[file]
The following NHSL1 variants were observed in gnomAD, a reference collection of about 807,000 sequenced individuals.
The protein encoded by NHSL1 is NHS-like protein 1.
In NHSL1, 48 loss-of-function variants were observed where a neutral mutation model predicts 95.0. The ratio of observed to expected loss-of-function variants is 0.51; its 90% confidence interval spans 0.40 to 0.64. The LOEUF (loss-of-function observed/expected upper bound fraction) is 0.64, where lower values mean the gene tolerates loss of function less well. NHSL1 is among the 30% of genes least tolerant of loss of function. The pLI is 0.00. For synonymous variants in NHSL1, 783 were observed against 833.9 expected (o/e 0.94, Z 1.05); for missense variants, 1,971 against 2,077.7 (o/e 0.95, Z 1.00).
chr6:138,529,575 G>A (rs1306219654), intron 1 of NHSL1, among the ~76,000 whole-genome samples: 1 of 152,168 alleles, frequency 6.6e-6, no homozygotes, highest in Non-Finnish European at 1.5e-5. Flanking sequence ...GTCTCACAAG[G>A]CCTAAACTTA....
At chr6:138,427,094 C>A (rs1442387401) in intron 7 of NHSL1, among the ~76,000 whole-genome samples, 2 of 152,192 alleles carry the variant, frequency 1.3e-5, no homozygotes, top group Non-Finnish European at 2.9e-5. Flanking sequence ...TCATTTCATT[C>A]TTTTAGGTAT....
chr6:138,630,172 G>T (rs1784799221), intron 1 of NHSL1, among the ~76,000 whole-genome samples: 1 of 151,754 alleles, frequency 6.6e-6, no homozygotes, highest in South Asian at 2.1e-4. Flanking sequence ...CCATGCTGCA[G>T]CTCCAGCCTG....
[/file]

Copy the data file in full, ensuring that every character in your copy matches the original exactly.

The following NHSL1 variants were observed in gnomAD, a reference collection of about 807,000 sequenced individuals.
The protein encoded by NHSL1 is NHS-like protein 1.
In NHSL1, 48 loss-of-function variants were observed where a neutral mutation model predicts 95.0. The ratio of observed to expected loss-of-function variants is 0.51; its 90% confidence interval spans 0.40 to 0.64. The LOEUF (loss-of-function observed/expected upper bound fraction) is 0.64, where lower values mean the gene tolerates loss of function less well. NHSL1 is among the 30% of genes least tolerant of loss of function. The pLI is 0.00. For synonymous variants in NHSL1, 783 were observed against 833.9 expected (o/e 0.94, Z 1.05); for missense variants, 1,971 against 2,077.7 (o/e 0.95, Z 1.00).
chr6:138,529,575 G>A (rs1306219654), intron 1 of NHSL1, among the ~76,000 whole-genome samples: 1 of 152,168 alleles, frequency 6.6e-6, no homozygotes, highest in Non-Finnish European at 1.5e-5. Flanking sequence ...GTCTCACAAG[G>A]CCTAAACTTA....
At chr6:138,427,094 C>A (rs1442387401) in intron 7 of NHSL1, among the ~76,000 whole-genome samples, 2 of 152,192 alleles carry the variant, frequency 1.3e-5, no homozygotes, top group Non-Finnish European at 2.9e-5. Flanking sequence ...TCATTTCATT[C>A]TTTTAGGTAT....
chr6:138,630,172 G>T (rs1784799221), intron 1 of NHSL1, among the ~76,000 whole-genome samples: 1 of 151,754 alleles, frequency 6.6e-6, no homozygotes, highest in South Asian at 2.1e-4. Flanking sequence ...CCATGCTGCA[G>T]CTCCAGCCTG....